No need to go on. You get the picture. What we’re seeing here is that Christianity is dying and those who support it – including pious newspaper editors – feel their backs are against the wall, so they fight back with accusations of “aggressive secularism” and “militant atheism”.

Sunday, 10 January 2010

Rant of the day

Ready for a good laugh? Sit back and read this (or go here and listen). The following mindless rant is reproduced both on the Right Wing Watch blog linked to above and, where I was alerted to it, on Good Reason News (a blog, incidentally, that was featured in G&LH’s “Blogwatch” column in October last year).

It’s from one of the lunatic Christian Right in the USA, Pastor Stephen Anderson:

You want to know who the biggest hypocrite in the world is? The biggest hypocrite in the world is the person who believes in the death penalty for murderers and not for homosexuals. Hypocrite. The same God who instituted the death penalty for murderers is the same God who instituted the death penalty for rapists and for homosexuals – sodomites, queers! That’s what it was instituted for, okay? That’s God, he hasn’t changed. Oh, God doesn’t feel that way in the New Testament . . . God never “felt” anything about it, he commanded it and said they should be taken out and killed.

You know why God wanted the sodomites in the Old Testament to be killed? You know why every good king of Israel, the Bible says they got rid of the sodomites in the land? You know, the good kings that came after the bad kings who had allowed the sodomites to infest their land, they had infiltrated . . . King Asa got the sodomites out of the land, Jehoshaphat exterminated the sodomites that were left from the days of his father, Asa. Why? Because the sodomites are infectious, that’s why. Because they’re not reproducers, that goes without saying, they’re recruiters.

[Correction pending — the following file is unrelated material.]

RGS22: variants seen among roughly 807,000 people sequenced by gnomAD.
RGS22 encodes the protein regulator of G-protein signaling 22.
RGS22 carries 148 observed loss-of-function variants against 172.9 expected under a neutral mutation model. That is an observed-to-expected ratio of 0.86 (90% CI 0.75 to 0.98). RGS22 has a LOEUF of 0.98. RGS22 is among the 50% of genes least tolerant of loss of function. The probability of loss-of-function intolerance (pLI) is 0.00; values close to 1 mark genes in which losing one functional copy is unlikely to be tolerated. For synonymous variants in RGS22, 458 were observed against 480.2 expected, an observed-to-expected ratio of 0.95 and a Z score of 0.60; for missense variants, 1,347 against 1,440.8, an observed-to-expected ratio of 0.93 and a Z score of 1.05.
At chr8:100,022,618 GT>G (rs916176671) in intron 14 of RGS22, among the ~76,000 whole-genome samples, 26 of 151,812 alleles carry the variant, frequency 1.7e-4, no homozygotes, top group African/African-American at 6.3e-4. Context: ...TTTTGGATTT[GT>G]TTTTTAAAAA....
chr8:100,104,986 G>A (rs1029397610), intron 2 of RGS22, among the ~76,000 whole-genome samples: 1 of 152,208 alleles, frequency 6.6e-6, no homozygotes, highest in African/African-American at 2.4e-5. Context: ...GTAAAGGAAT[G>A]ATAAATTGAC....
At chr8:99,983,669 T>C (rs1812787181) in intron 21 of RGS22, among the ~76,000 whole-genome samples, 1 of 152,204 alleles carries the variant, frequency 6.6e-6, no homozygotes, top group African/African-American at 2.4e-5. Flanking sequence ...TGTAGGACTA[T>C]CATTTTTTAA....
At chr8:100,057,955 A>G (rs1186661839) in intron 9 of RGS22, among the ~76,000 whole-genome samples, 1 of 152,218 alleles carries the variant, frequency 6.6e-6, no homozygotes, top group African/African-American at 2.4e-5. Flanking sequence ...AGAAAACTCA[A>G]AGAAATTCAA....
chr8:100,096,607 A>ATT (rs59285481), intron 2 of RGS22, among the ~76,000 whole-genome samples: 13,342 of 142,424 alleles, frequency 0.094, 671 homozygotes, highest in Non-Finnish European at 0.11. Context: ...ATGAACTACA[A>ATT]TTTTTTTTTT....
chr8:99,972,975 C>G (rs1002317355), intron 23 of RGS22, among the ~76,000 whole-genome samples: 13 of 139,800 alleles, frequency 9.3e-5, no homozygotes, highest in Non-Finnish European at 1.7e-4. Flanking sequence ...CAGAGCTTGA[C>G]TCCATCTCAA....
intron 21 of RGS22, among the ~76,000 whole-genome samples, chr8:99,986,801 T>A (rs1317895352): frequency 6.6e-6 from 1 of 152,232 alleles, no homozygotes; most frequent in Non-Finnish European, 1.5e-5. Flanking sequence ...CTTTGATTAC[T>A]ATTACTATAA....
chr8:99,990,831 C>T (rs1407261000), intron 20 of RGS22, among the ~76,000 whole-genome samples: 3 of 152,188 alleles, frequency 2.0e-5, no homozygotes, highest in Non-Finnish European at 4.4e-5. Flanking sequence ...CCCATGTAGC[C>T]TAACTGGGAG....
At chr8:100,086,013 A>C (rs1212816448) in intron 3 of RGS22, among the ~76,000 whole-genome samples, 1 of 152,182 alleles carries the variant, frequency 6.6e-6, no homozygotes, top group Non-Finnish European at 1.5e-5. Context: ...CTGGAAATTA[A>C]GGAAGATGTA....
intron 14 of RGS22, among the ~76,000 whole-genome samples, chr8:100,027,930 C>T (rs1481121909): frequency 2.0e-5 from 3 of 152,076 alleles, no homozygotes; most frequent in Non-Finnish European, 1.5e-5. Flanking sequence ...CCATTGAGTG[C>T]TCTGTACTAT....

How are they multiplying? Do you not see that they’re multiplying? Are you that blind? Have you noticed that there’s more than there were last year and the year before, and the year before that? How are they multiplying? They’re reproducing right? No, here’s a biology lesson: they’re not reproducers, they’re recruiters! And you know who they’re after? Your children. Remember you dropped off your kids last week? That’s who they’re after. You drop them off as some daycare, you drop them off as some school somewhere, you don’t know where they’re at. I’ll tell you where they’re at: they’re being recruited by the sodomites. They’re being molested by the sodomites. I can tell you so many stories about people that I know being molested and recruited by the sodomites.

They recruit through rape. They recruit through molestation. They recruit through violation. They are infecting our society. They are spreading their disease. It’s not a physical disease, it’s a sin disease , it’s a wicked, filthy sin disease and it’s spreading on a rampage. Can’t you see that it’s spreading on a rampage? I mean, can you not see that? Can you not see that it’s just exploding in growth? Why? Because each sodomite recruits far more than one other sodomite because his whole life is about recruiting other sodomites, his whole life is about violating and hurting people and molesting ’em.

So how many sodomites is one sodomite going to produce? A lot, and that’s why it’s just exploding. The only way to stop it, you say “how do we stop it?” . . . You want to know why sodomites are recruiting? Because they have no natural predators.

This, of course, is a libel against every gay person in the country, although you can’t claim libel as a disparate group. And the libel laws are different in the States. But you see where I’m coming from.

All gay people have been implicated in this bozo’s accusations, which are just plain lies, of course, as any sensible person knows, since molesters are more likely to be family members or close to the family, and just as likely to be straight.

Even if he’s ranting out of total sincerity, that suggests he believes what he’s saying. If he believes what he’s saying, where did he come by the information? My guess is that he knows he’s lying, but, like most Right-wing Christians, has a thing about homosexuality to the extent that you suspect he himself is gay and suppressing it.